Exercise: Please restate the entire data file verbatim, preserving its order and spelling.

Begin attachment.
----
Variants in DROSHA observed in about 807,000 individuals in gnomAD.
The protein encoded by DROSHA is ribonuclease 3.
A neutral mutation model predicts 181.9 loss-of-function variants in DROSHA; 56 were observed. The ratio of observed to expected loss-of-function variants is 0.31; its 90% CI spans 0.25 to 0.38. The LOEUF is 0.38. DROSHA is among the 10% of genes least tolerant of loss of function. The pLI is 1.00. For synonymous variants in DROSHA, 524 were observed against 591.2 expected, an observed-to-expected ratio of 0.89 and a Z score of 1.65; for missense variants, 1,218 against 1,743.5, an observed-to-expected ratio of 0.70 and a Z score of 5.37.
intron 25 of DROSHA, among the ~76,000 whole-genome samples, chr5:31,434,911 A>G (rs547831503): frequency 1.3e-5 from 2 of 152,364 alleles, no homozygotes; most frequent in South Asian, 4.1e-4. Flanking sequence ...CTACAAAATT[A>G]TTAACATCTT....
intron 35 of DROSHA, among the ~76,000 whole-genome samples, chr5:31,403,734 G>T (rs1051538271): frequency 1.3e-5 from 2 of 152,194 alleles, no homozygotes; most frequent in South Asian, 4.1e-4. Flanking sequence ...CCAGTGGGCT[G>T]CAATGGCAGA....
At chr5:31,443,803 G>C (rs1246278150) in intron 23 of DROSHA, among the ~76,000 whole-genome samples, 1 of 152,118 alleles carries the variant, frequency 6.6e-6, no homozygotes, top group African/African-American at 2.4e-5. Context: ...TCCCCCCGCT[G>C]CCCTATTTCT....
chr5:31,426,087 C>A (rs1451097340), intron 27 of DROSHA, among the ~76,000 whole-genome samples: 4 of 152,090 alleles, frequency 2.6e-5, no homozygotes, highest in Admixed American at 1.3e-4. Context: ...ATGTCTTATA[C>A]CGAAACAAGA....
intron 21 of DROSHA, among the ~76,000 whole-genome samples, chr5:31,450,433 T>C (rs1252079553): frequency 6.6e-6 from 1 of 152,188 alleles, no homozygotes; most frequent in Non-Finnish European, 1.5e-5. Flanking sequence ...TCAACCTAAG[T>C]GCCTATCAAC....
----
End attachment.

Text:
Variants in DROSHA observed in about 807,000 individuals in gnomAD.
The protein encoded by DROSHA is ribonuclease 3.
A neutral mutation model predicts 181.9 loss-of-function variants in DROSHA; 56 were observed. The ratio of observed to expected loss-of-function variants is 0.31; its 90% CI spans 0.25 to 0.38. The LOEUF is 0.38. DROSHA is among the 10% of genes least tolerant of loss of function. The pLI is 1.00. For synonymous variants in DROSHA, 524 were observed against 591.2 expected, an observed-to-expected ratio of 0.89 and a Z score of 1.65; for missense variants, 1,218 against 1,743.5, an observed-to-expected ratio of 0.70 and a Z score of 5.37.
intron 25 of DROSHA, among the ~76,000 whole-genome samples, chr5:31,434,911 A>G (rs547831503): frequency 1.3e-5 from 2 of 152,364 alleles, no homozygotes; most frequent in South Asian, 4.1e-4. Flanking sequence ...CTACAAAATT[A>G]TTAACATCTT....
intron 35 of DROSHA, among the ~76,000 whole-genome samples, chr5:31,403,734 G>T (rs1051538271): frequency 1.3e-5 from 2 of 152,194 alleles, no homozygotes; most frequent in South Asian, 4.1e-4. Flanking sequence ...CCAGTGGGCT[G>T]CAATGGCAGA....
At chr5:31,443,803 G>C (rs1246278150) in intron 23 of DROSHA, among the ~76,000 whole-genome samples, 1 of 152,118 alleles carries the variant, frequency 6.6e-6, no homozygotes, top group African/African-American at 2.4e-5. Context: ...TCCCCCCGCT[G>C]CCCTATTTCT....
chr5:31,426,087 C>A (rs1451097340), intron 27 of DROSHA, among the ~76,000 whole-genome samples: 4 of 152,090 alleles, frequency 2.6e-5, no homozygotes, highest in Admixed American at 1.3e-4. Context: ...ATGTCTTATA[C>A]CGAAACAAGA....
intron 21 of DROSHA, among the ~76,000 whole-genome samples, chr5:31,450,433 T>C (rs1252079553): frequency 6.6e-6 from 1 of 152,188 alleles, no homozygotes; most frequent in Non-Finnish European, 1.5e-5. Flanking sequence ...TCAACCTAAG[T>C]GCCTATCAAC....